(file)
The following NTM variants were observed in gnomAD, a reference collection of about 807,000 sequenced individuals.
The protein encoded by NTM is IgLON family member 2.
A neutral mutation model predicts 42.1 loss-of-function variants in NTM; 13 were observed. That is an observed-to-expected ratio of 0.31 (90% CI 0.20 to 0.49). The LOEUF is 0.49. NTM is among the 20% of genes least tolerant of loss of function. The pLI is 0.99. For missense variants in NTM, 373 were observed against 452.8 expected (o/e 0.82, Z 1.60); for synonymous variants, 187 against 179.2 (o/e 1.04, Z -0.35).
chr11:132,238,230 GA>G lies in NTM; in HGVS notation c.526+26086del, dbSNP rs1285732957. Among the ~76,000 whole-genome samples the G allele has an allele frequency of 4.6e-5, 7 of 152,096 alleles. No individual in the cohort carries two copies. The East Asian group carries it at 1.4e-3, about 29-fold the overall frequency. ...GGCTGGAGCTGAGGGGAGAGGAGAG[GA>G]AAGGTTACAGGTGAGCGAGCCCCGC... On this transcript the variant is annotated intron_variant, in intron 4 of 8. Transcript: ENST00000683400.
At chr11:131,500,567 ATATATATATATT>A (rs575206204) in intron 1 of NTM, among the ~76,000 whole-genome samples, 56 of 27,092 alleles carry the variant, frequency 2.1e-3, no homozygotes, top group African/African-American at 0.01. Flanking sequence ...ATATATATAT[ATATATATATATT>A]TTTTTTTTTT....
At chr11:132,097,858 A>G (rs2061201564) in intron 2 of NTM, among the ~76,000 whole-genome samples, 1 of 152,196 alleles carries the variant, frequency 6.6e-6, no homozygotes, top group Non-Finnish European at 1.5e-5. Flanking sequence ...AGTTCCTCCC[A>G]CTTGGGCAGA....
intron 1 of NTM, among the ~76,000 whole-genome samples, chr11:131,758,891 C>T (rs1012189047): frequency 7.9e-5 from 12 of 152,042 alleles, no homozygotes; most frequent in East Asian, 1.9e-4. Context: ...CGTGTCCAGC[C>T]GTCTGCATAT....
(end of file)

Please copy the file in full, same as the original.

The following NTM variants were observed in gnomAD, a reference collection of about 807,000 sequenced individuals.
The protein encoded by NTM is IgLON family member 2.
A neutral mutation model predicts 42.1 loss-of-function variants in NTM; 13 were observed. That is an observed-to-expected ratio of 0.31 (90% CI 0.20 to 0.49). The LOEUF is 0.49. NTM is among the 20% of genes least tolerant of loss of function. The pLI is 0.99. For missense variants in NTM, 373 were observed against 452.8 expected (o/e 0.82, Z 1.60); for synonymous variants, 187 against 179.2 (o/e 1.04, Z -0.35).
chr11:132,238,230 GA>G lies in NTM; in HGVS notation c.526+26086del, dbSNP rs1285732957. Among the ~76,000 whole-genome samples the G allele has an allele frequency of 4.6e-5, 7 of 152,096 alleles. No individual in the cohort carries two copies. The East Asian group carries it at 1.4e-3, about 29-fold the overall frequency. ...GGCTGGAGCTGAGGGGAGAGGAGAG[GA>G]AAGGTTACAGGTGAGCGAGCCCCGC... On this transcript the variant is annotated intron_variant, in intron 4 of 8. Transcript: ENST00000683400.
At chr11:131,500,567 ATATATATATATT>A (rs575206204) in intron 1 of NTM, among the ~76,000 whole-genome samples, 56 of 27,092 alleles carry the variant, frequency 2.1e-3, no homozygotes, top group African/African-American at 0.01. Flanking sequence ...ATATATATAT[ATATATATATATT>A]TTTTTTTTTT....
At chr11:132,097,858 A>G (rs2061201564) in intron 2 of NTM, among the ~76,000 whole-genome samples, 1 of 152,196 alleles carries the variant, frequency 6.6e-6, no homozygotes, top group Non-Finnish European at 1.5e-5. Flanking sequence ...AGTTCCTCCC[A>G]CTTGGGCAGA....
intron 1 of NTM, among the ~76,000 whole-genome samples, chr11:131,758,891 C>T (rs1012189047): frequency 7.9e-5 from 12 of 152,042 alleles, no homozygotes; most frequent in East Asian, 1.9e-4. Context: ...CGTGTCCAGC[C>T]GTCTGCATAT....